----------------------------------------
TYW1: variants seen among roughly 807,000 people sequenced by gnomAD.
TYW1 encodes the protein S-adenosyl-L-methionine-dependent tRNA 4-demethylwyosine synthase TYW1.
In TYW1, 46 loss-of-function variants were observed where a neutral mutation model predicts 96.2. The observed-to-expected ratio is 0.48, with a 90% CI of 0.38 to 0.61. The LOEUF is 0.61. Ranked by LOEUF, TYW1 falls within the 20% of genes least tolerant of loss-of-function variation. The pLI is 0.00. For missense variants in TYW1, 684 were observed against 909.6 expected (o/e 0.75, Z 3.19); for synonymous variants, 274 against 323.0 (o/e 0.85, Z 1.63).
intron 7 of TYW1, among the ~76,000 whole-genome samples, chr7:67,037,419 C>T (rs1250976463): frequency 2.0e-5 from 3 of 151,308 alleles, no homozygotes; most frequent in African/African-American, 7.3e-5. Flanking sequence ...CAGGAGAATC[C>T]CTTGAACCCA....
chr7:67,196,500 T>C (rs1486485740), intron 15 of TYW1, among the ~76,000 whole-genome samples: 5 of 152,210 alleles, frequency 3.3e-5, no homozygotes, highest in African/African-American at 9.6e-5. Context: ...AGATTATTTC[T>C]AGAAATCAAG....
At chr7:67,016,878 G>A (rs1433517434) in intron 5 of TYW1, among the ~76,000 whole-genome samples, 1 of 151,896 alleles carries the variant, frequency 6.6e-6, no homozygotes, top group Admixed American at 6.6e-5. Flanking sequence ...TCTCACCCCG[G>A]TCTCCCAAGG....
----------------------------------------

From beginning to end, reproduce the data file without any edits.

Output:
TYW1: variants seen among roughly 807,000 people sequenced by gnomAD.
TYW1 encodes the protein S-adenosyl-L-methionine-dependent tRNA 4-demethylwyosine synthase TYW1.
In TYW1, 46 loss-of-function variants were observed where a neutral mutation model predicts 96.2. The observed-to-expected ratio is 0.48, with a 90% CI of 0.38 to 0.61. The LOEUF is 0.61. Ranked by LOEUF, TYW1 falls within the 20% of genes least tolerant of loss-of-function variation. The pLI is 0.00. For missense variants in TYW1, 684 were observed against 909.6 expected (o/e 0.75, Z 3.19); for synonymous variants, 274 against 323.0 (o/e 0.85, Z 1.63).
intron 7 of TYW1, among the ~76,000 whole-genome samples, chr7:67,037,419 C>T (rs1250976463): frequency 2.0e-5 from 3 of 151,308 alleles, no homozygotes; most frequent in African/African-American, 7.3e-5. Flanking sequence ...CAGGAGAATC[C>T]CTTGAACCCA....
chr7:67,196,500 T>C (rs1486485740), intron 15 of TYW1, among the ~76,000 whole-genome samples: 5 of 152,210 alleles, frequency 3.3e-5, no homozygotes, highest in African/African-American at 9.6e-5. Context: ...AGATTATTTC[T>C]AGAAATCAAG....
At chr7:67,016,878 G>A (rs1433517434) in intron 5 of TYW1, among the ~76,000 whole-genome samples, 1 of 151,896 alleles carries the variant, frequency 6.6e-6, no homozygotes, top group Admixed American at 6.6e-5. Flanking sequence ...TCTCACCCCG[G>A]TCTCCCAAGG....